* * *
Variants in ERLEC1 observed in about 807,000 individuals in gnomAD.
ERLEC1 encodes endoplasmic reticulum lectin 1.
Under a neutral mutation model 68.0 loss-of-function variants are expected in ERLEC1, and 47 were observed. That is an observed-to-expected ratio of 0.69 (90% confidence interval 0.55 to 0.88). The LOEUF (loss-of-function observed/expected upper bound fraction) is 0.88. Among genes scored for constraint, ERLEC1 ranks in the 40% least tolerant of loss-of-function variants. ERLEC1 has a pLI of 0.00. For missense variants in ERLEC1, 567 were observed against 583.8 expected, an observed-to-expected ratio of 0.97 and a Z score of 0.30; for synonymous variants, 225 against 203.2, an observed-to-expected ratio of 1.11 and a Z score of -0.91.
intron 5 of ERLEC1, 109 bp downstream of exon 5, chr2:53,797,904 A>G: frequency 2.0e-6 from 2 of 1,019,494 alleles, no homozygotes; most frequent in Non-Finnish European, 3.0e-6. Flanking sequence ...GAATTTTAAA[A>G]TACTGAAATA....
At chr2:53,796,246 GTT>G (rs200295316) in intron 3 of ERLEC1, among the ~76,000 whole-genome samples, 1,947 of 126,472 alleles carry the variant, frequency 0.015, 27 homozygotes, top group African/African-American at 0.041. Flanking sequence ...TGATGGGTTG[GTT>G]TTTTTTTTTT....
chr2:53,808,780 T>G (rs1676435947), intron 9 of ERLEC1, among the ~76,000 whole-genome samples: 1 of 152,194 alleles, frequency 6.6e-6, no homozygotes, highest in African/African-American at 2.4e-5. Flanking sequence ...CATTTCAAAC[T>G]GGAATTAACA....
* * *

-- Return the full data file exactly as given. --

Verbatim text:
Variants in ERLEC1 observed in about 807,000 individuals in gnomAD.
ERLEC1 encodes endoplasmic reticulum lectin 1.
Under a neutral mutation model 68.0 loss-of-function variants are expected in ERLEC1, and 47 were observed. That is an observed-to-expected ratio of 0.69 (90% confidence interval 0.55 to 0.88). The LOEUF (loss-of-function observed/expected upper bound fraction) is 0.88. Among genes scored for constraint, ERLEC1 ranks in the 40% least tolerant of loss-of-function variants. ERLEC1 has a pLI of 0.00. For missense variants in ERLEC1, 567 were observed against 583.8 expected, an observed-to-expected ratio of 0.97 and a Z score of 0.30; for synonymous variants, 225 against 203.2, an observed-to-expected ratio of 1.11 and a Z score of -0.91.
intron 5 of ERLEC1, 109 bp downstream of exon 5, chr2:53,797,904 A>G: frequency 2.0e-6 from 2 of 1,019,494 alleles, no homozygotes; most frequent in Non-Finnish European, 3.0e-6. Flanking sequence ...GAATTTTAAA[A>G]TACTGAAATA....
At chr2:53,796,246 GTT>G (rs200295316) in intron 3 of ERLEC1, among the ~76,000 whole-genome samples, 1,947 of 126,472 alleles carry the variant, frequency 0.015, 27 homozygotes, top group African/African-American at 0.041. Flanking sequence ...TGATGGGTTG[GTT>G]TTTTTTTTTT....
chr2:53,808,780 T>G (rs1676435947), intron 9 of ERLEC1, among the ~76,000 whole-genome samples: 1 of 152,194 alleles, frequency 6.6e-6, no homozygotes, highest in African/African-American at 2.4e-5. Flanking sequence ...CATTTCAAAC[T>G]GGAATTAACA....